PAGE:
Mike Carp showed off a knuckleball during a rare opportunity to pitch for the Red Sox.
“Any time you end up with a position player on the mound, it’s not been a good night,” John Farrell said after last night’s debacle of a game for his Red Sox. From Farrell’s position, it’s hard to disagree. But for a Yankee fan like myself and someone with particular interest in position player pitchers, last night was hilarious. Mike Carp’s pitching appearance was not the first position player outing of the season, but it was certainly the most notable. Most important for our purposes, Carp threw a total of 37 pitches—enough for a tentative scouting report.
The first edition of a new column for those who play in leagues in which Logan Schafer and Maicer Izturis are worth owning.
I never thought I'd find people out there like me.
For years and years on end, I subjected myself to nothing but standard 10- and 12-team leagues. I thought I knew stress. "Oh, which no. 3 starter should I pick up for this spot start?” I would ask a more innocent, less world-weary version of myself. "Which decent outfielder must I claim as an injury replacement," a more hopeful, younger Ben would ponder in 2010. Those were the days of sound sleep and easy championships.
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After taking a look at some lefty mashers last week, Paul brings you five players who could help your fantasy squad on the long side of a platoon.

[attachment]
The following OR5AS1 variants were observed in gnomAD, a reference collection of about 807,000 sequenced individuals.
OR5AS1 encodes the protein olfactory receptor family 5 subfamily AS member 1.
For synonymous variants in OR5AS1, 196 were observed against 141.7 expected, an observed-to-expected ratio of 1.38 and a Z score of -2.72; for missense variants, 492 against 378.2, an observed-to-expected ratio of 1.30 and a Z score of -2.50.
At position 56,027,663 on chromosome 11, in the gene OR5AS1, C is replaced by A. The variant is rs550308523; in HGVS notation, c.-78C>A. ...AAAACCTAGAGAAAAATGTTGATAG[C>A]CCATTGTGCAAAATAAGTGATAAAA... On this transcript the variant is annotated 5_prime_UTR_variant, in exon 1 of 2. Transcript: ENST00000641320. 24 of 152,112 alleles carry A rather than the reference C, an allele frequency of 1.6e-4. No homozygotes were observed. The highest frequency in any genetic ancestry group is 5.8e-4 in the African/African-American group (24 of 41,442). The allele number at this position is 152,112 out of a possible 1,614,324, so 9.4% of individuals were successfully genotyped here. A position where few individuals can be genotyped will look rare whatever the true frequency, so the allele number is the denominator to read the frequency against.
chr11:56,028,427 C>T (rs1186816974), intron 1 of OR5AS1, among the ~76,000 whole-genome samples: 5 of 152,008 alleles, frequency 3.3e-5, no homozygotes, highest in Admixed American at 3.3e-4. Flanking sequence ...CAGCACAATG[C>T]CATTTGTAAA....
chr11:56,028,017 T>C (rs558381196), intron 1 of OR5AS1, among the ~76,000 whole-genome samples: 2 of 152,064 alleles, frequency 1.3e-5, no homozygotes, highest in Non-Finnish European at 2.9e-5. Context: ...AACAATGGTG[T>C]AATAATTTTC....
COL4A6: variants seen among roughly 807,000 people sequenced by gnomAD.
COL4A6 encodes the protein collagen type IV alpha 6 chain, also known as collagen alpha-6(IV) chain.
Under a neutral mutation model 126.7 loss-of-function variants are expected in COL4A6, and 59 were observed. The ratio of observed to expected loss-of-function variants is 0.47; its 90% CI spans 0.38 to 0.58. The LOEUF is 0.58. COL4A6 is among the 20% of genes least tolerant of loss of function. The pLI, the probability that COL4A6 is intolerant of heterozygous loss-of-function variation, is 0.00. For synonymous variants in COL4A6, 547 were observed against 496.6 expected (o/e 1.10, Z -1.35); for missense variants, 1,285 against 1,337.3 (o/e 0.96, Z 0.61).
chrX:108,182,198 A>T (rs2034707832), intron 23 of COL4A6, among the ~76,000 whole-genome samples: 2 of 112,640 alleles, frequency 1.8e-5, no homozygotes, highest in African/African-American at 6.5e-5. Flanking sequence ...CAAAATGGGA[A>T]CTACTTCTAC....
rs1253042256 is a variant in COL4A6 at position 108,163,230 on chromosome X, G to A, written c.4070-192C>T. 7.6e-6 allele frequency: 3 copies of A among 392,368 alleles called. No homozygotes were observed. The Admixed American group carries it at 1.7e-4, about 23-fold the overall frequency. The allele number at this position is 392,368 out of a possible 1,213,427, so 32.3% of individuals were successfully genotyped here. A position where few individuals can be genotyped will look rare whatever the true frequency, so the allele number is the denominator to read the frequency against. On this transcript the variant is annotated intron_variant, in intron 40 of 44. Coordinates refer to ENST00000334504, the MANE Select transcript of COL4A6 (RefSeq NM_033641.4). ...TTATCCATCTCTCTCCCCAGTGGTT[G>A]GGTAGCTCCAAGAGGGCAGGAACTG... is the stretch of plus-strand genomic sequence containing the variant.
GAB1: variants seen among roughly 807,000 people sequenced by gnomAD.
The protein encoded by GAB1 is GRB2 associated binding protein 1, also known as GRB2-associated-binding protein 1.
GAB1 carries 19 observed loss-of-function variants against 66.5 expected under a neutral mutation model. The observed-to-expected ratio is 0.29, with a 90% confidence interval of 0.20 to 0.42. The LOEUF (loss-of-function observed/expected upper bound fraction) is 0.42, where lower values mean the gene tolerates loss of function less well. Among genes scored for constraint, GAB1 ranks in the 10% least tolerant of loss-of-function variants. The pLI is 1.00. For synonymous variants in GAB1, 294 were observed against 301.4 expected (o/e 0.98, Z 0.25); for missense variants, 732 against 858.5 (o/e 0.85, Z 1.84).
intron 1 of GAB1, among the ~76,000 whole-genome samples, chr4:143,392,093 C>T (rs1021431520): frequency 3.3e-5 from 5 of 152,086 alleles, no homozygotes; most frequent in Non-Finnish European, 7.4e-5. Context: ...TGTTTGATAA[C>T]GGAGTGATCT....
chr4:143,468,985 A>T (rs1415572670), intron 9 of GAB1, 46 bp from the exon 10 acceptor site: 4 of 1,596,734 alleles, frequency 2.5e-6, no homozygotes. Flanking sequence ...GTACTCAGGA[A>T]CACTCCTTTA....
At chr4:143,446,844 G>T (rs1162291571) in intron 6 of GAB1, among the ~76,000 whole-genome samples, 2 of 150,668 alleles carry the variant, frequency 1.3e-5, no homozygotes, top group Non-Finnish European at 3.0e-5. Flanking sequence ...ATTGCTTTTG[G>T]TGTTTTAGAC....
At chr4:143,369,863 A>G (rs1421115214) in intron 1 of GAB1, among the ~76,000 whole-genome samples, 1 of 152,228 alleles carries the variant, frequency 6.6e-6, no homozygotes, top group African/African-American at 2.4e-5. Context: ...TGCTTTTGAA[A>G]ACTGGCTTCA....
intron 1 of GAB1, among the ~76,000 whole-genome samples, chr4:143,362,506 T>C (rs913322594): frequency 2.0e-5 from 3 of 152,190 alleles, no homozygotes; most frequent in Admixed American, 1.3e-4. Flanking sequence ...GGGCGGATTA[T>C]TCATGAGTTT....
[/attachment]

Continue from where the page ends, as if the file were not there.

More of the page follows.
Last week, I dove into the world of streaming hitters by way of platoon advantages, particularly with guys who excel against lefties. In part two, we will look at some righty mashers. With these guys being on plus side of the playing-time split, they won’t all be as readily available as the lefty guys should be in your 10- and 12-team mixers, but if you have one of these guys you might consider getting someone from the first piece to pair with them instead of starting these guys all the time.
Here are five guys making life extremely difficult for right-handed pitchers so far this season.
The regular season kicks off, but the Mariners have already suffered multiple casualties.
B.J. Upton, Tampa Bay Rays, (Lower Back Soreness)
Upton was still feeling the effects from his collision with Desmond Jennings in the outfield two weeks ago; Tampa Bay elected to place Upton on the disabled list to allow him to fully recover. The injury is being listed as lower back soreness, but the root cause of the soreness could be related to muscle strains, ligament sprains, or even bone bruising in his spine.
Strains and sprains can last for more than a few weeks but usually heal just fine. When there is a collision between two diving fielders and soreness lingers, concern about a bone bruise in the spine rises. In severe cases, this trauma can cause small fractures, but usually the player is in a lot more pain than Upton appeared to be in. While the Rays do not believe Upton’s injury will necessitate a long recovery period, they’re refusing to nail down a timetable.
The Mariners have some nice building blocks but are still a couple of bats short.
Kiss 'Em Goodbye is a series focusing on MLB teams as their postseason dreams fade—whether in September (or before), the League Division Series, League Championship Series or World Series. It combines a broad overview from Baseball Prospectus, a front-office take from former MLB GM Jim Bowden, a best- and worst-case scenario ZiPS projection for 2012 from Dan Szymborski and Kevin Goldstein's farm system overview.
Rich Harden resurfaces at just the right time, Travis Snider getting off the schneid means bad news for Juan Rivera, the Dodgers' Dee Gordon fails his first audition, the D'backs lose their closer, the Yankees release some insurance, and more.